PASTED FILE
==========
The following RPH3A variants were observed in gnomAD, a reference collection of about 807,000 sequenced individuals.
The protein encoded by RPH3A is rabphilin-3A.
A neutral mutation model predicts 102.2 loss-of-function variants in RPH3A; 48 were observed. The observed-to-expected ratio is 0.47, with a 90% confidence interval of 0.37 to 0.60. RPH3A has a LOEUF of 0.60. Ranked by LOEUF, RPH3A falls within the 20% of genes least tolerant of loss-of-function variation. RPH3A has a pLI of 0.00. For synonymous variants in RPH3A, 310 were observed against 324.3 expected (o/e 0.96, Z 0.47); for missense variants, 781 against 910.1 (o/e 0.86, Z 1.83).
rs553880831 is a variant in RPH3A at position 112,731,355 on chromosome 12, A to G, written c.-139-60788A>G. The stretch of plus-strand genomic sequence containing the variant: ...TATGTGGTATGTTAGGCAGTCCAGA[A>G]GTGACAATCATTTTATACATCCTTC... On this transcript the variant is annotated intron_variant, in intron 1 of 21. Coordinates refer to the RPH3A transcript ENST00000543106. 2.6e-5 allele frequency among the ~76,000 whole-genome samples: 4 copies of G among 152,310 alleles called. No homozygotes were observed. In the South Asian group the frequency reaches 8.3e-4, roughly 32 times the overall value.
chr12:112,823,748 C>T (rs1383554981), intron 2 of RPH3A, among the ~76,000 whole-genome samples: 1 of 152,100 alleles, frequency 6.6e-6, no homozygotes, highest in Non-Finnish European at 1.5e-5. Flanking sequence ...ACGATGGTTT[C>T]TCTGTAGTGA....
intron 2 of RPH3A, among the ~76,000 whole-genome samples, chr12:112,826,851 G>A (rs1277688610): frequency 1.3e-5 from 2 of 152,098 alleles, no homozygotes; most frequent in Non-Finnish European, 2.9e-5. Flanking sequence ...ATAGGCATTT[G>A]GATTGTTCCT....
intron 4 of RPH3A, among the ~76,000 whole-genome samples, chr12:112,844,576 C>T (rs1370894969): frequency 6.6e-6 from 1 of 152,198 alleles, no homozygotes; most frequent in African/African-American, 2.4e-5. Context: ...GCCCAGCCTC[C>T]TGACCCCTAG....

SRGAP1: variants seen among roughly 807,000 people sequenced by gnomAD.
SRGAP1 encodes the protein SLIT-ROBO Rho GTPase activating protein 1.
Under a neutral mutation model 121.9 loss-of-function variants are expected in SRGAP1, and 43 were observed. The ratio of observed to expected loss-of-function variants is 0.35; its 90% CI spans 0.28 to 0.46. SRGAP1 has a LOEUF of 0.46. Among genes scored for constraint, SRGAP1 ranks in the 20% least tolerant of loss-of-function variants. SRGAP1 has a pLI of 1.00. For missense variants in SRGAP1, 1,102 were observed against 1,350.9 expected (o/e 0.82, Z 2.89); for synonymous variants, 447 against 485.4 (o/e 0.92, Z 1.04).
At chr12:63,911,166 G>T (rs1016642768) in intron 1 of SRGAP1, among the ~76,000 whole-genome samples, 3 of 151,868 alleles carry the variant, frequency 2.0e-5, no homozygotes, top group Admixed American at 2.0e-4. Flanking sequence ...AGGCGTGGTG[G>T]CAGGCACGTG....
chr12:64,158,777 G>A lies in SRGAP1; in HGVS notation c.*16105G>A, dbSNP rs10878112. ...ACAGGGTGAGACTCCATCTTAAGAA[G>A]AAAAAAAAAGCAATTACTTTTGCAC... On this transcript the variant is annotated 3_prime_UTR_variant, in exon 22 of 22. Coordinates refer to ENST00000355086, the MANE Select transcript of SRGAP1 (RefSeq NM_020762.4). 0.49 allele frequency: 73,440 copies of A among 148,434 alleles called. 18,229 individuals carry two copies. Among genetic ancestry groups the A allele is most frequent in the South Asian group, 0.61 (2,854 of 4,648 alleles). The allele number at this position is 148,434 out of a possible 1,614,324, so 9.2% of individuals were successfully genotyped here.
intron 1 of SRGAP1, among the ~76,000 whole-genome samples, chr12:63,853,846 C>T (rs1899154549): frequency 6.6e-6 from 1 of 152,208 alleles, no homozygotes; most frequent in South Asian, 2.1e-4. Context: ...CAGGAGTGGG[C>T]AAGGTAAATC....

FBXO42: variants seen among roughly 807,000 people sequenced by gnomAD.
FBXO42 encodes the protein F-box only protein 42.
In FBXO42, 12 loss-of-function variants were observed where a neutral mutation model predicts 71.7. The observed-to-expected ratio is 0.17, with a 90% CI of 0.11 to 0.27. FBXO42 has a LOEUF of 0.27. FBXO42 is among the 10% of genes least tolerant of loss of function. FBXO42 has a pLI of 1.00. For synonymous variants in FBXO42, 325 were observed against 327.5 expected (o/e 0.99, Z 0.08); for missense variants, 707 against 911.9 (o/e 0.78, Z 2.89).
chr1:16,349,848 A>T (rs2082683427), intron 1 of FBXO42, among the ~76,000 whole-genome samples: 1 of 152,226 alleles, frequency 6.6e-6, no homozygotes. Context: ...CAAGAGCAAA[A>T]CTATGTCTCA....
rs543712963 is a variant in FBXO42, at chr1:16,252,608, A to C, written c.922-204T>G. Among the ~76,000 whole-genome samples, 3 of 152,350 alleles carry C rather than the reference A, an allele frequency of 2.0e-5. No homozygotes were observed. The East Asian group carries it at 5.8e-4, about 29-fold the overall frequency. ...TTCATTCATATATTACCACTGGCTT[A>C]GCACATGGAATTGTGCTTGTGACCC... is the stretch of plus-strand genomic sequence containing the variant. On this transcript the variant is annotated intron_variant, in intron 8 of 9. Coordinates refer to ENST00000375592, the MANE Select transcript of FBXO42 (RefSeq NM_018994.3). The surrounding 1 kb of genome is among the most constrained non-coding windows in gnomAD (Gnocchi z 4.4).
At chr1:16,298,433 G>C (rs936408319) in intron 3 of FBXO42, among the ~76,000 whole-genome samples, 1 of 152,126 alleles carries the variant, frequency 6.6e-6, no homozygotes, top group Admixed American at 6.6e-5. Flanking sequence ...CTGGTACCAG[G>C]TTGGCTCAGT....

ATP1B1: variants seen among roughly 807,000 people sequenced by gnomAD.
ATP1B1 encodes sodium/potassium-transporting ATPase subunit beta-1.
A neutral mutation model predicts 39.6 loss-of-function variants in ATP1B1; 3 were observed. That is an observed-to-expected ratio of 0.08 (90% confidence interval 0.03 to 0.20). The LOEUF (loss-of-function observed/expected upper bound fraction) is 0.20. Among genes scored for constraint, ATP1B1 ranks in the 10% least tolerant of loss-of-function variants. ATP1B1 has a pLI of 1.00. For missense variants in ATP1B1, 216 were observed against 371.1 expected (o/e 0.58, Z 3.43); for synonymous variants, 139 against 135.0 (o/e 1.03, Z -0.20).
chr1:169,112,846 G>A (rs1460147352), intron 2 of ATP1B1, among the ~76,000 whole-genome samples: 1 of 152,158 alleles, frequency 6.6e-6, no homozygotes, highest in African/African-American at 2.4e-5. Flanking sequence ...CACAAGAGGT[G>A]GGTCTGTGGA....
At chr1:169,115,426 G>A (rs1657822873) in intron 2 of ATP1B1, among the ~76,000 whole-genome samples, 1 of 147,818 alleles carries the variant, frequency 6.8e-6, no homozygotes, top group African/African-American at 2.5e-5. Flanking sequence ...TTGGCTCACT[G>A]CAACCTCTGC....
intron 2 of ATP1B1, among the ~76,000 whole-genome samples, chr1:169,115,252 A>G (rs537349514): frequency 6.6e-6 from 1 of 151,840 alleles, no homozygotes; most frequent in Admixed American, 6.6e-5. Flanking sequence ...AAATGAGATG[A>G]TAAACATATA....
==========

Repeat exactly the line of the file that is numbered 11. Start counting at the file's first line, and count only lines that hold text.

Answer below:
At chr12:63,911,166 G>T (rs1016642768) in intron 1 of SRGAP1, among the ~76,000 whole-genome samples, 3 of 151,868 alleles carry the variant, frequency 2.0e-5, no homozygotes, top group Admixed American at 2.0e-4. Flanking sequence ...AGGCGTGGTG[G>T]CAGGCACGTG....